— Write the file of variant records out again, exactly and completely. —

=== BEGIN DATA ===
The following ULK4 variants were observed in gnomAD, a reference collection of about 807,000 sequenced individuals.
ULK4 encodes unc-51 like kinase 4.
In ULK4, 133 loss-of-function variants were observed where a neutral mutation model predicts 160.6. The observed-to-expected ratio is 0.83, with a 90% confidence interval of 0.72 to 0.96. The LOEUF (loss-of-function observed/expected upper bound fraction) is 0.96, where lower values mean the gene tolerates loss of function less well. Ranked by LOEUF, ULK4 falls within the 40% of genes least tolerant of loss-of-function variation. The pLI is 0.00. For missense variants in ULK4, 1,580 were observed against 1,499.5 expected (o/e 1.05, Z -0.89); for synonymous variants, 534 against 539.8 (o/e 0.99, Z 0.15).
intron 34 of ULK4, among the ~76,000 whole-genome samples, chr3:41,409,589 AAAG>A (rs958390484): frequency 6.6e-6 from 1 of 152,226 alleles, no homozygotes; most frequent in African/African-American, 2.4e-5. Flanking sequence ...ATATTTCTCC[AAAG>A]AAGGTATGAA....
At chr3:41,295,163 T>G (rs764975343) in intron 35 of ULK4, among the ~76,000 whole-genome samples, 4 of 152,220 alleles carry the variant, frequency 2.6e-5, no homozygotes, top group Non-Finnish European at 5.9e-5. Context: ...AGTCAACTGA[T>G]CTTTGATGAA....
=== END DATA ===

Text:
The following ULK4 variants were observed in gnomAD, a reference collection of about 807,000 sequenced individuals.
ULK4 encodes unc-51 like kinase 4.
In ULK4, 133 loss-of-function variants were observed where a neutral mutation model predicts 160.6. The observed-to-expected ratio is 0.83, with a 90% confidence interval of 0.72 to 0.96. The LOEUF (loss-of-function observed/expected upper bound fraction) is 0.96, where lower values mean the gene tolerates loss of function less well. Ranked by LOEUF, ULK4 falls within the 40% of genes least tolerant of loss-of-function variation. The pLI is 0.00. For missense variants in ULK4, 1,580 were observed against 1,499.5 expected (o/e 1.05, Z -0.89); for synonymous variants, 534 against 539.8 (o/e 0.99, Z 0.15).
intron 34 of ULK4, among the ~76,000 whole-genome samples, chr3:41,409,589 AAAG>A (rs958390484): frequency 6.6e-6 from 1 of 152,226 alleles, no homozygotes; most frequent in African/African-American, 2.4e-5. Flanking sequence ...ATATTTCTCC[AAAG>A]AAGGTATGAA....
At chr3:41,295,163 T>G (rs764975343) in intron 35 of ULK4, among the ~76,000 whole-genome samples, 4 of 152,220 alleles carry the variant, frequency 2.6e-5, no homozygotes, top group Non-Finnish European at 5.9e-5. Context: ...AGTCAACTGA[T>G]CTTTGATGAA....